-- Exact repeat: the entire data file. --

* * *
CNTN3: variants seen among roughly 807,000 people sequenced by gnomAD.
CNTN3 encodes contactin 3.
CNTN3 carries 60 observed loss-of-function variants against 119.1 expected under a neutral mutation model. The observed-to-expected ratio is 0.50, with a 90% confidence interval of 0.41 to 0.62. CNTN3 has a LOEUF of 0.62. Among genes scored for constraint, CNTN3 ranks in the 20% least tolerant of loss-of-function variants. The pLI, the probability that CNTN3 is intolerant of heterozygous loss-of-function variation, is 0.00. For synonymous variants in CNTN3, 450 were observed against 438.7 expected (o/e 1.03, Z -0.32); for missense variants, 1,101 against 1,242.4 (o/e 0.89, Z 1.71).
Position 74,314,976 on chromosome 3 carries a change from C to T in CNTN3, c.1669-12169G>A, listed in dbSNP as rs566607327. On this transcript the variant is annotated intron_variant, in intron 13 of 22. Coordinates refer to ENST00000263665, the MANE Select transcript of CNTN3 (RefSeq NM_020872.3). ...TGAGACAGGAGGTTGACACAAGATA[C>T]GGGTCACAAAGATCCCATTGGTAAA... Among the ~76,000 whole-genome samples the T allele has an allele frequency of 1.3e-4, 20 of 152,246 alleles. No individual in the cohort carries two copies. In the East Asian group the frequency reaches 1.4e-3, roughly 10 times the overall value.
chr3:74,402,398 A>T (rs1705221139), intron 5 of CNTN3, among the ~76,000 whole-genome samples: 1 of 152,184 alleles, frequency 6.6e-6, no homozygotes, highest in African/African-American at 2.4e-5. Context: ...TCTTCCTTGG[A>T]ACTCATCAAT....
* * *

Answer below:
CNTN3: variants seen among roughly 807,000 people sequenced by gnomAD.
CNTN3 encodes contactin 3.
CNTN3 carries 60 observed loss-of-function variants against 119.1 expected under a neutral mutation model. The observed-to-expected ratio is 0.50, with a 90% confidence interval of 0.41 to 0.62. CNTN3 has a LOEUF of 0.62. Among genes scored for constraint, CNTN3 ranks in the 20% least tolerant of loss-of-function variants. The pLI, the probability that CNTN3 is intolerant of heterozygous loss-of-function variation, is 0.00. For synonymous variants in CNTN3, 450 were observed against 438.7 expected (o/e 1.03, Z -0.32); for missense variants, 1,101 against 1,242.4 (o/e 0.89, Z 1.71).
Position 74,314,976 on chromosome 3 carries a change from C to T in CNTN3, c.1669-12169G>A, listed in dbSNP as rs566607327. On this transcript the variant is annotated intron_variant, in intron 13 of 22. Coordinates refer to ENST00000263665, the MANE Select transcript of CNTN3 (RefSeq NM_020872.3). ...TGAGACAGGAGGTTGACACAAGATA[C>T]GGGTCACAAAGATCCCATTGGTAAA... Among the ~76,000 whole-genome samples the T allele has an allele frequency of 1.3e-4, 20 of 152,246 alleles. No individual in the cohort carries two copies. In the East Asian group the frequency reaches 1.4e-3, roughly 10 times the overall value.
chr3:74,402,398 A>T (rs1705221139), intron 5 of CNTN3, among the ~76,000 whole-genome samples: 1 of 152,184 alleles, frequency 6.6e-6, no homozygotes, highest in African/African-American at 2.4e-5. Context: ...TCTTCCTTGG[A>T]ACTCATCAAT....